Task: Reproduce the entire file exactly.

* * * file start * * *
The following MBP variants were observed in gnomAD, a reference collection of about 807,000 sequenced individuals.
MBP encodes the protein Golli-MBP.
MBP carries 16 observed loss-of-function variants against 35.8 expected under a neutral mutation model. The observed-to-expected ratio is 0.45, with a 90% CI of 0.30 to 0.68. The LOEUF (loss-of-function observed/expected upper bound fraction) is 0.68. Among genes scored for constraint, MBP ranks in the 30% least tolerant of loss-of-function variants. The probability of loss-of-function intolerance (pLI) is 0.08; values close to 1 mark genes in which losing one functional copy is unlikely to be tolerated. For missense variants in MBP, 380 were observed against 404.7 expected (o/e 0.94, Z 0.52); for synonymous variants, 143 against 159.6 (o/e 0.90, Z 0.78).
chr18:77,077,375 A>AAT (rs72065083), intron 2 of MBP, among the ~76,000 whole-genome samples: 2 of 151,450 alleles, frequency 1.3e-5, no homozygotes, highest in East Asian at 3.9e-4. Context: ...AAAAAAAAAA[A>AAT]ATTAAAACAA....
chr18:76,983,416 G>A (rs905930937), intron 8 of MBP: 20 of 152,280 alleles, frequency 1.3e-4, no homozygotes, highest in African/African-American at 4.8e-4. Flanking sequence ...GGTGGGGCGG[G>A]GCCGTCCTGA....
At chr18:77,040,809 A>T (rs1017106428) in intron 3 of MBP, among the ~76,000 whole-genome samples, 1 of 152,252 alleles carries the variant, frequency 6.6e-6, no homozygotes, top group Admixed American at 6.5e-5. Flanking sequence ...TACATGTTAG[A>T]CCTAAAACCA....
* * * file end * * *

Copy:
The following MBP variants were observed in gnomAD, a reference collection of about 807,000 sequenced individuals.
MBP encodes the protein Golli-MBP.
MBP carries 16 observed loss-of-function variants against 35.8 expected under a neutral mutation model. The observed-to-expected ratio is 0.45, with a 90% CI of 0.30 to 0.68. The LOEUF (loss-of-function observed/expected upper bound fraction) is 0.68. Among genes scored for constraint, MBP ranks in the 30% least tolerant of loss-of-function variants. The probability of loss-of-function intolerance (pLI) is 0.08; values close to 1 mark genes in which losing one functional copy is unlikely to be tolerated. For missense variants in MBP, 380 were observed against 404.7 expected (o/e 0.94, Z 0.52); for synonymous variants, 143 against 159.6 (o/e 0.90, Z 0.78).
chr18:77,077,375 A>AAT (rs72065083), intron 2 of MBP, among the ~76,000 whole-genome samples: 2 of 151,450 alleles, frequency 1.3e-5, no homozygotes, highest in East Asian at 3.9e-4. Context: ...AAAAAAAAAA[A>AAT]ATTAAAACAA....
chr18:76,983,416 G>A (rs905930937), intron 8 of MBP: 20 of 152,280 alleles, frequency 1.3e-4, no homozygotes, highest in African/African-American at 4.8e-4. Flanking sequence ...GGTGGGGCGG[G>A]GCCGTCCTGA....
At chr18:77,040,809 A>T (rs1017106428) in intron 3 of MBP, among the ~76,000 whole-genome samples, 1 of 152,252 alleles carries the variant, frequency 6.6e-6, no homozygotes, top group Admixed American at 6.5e-5. Flanking sequence ...TACATGTTAG[A>T]CCTAAAACCA....